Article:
“Champion has such an incredible history and archive of collegiate uniforms,” says Craig Green of his latest collaboration with the American sports apparel-turned-streetwear giant. “For me, the collegiate graphics relate to being part of a team and belonging to something, and I like how these pieces were originally created for this function.”
Green is certainly no stranger to uniform, or for that matter, subverting the practical function of garments into something stupendously abstract (see his latest contribution for Moncler Genius). For this latest capsule collection, Green breaks down Champion’s glittering legacy into two parts.
The first uses the brand’s archive of collegiate graphics, each taken from uniforms supplied to American colleges in the 60s, 70s, 80s and 90s, stitched together with numerical patches that reference a specific decade. These graphics appear on sweatshirts, jerseys and zip-necks that have been strung up on signature Green sculptures: part raft, part totem, strapped together with items one might find in school gymnasium: skipping ropes, swiss balls and foam noodles.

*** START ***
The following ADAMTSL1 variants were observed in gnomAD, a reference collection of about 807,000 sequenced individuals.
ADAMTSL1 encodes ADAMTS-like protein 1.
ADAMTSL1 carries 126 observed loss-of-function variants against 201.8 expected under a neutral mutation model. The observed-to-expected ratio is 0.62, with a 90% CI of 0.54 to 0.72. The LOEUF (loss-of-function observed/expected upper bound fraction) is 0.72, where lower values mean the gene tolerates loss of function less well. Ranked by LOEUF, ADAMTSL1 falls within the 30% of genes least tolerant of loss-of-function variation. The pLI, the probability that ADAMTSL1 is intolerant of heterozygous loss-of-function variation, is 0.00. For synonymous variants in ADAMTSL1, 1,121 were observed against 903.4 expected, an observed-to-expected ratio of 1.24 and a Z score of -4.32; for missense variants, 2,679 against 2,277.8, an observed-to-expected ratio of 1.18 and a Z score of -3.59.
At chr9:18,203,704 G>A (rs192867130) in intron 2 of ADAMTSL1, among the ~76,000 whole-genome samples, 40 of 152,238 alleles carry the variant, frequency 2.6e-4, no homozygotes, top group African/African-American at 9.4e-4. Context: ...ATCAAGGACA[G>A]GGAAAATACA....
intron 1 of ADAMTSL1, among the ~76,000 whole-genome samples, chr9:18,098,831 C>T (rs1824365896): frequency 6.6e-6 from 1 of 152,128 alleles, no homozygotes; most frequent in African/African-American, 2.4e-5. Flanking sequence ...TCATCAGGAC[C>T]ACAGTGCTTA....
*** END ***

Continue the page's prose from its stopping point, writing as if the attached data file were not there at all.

For the second part, Green isolates the technical innovation that has characterised Champion’s decade-long reputation as a leading sportswear provider. In a parallel series of sweatshirts, hoodies and jerseys, the ribbed gussets that Champion use to give facilitate motion and comfort for the wearer are removed and enlarged. In the accompanying images shot by Amy Gwatkin, these gussets become the raw materials with which these mechanical structures are built.
Shop the collection here.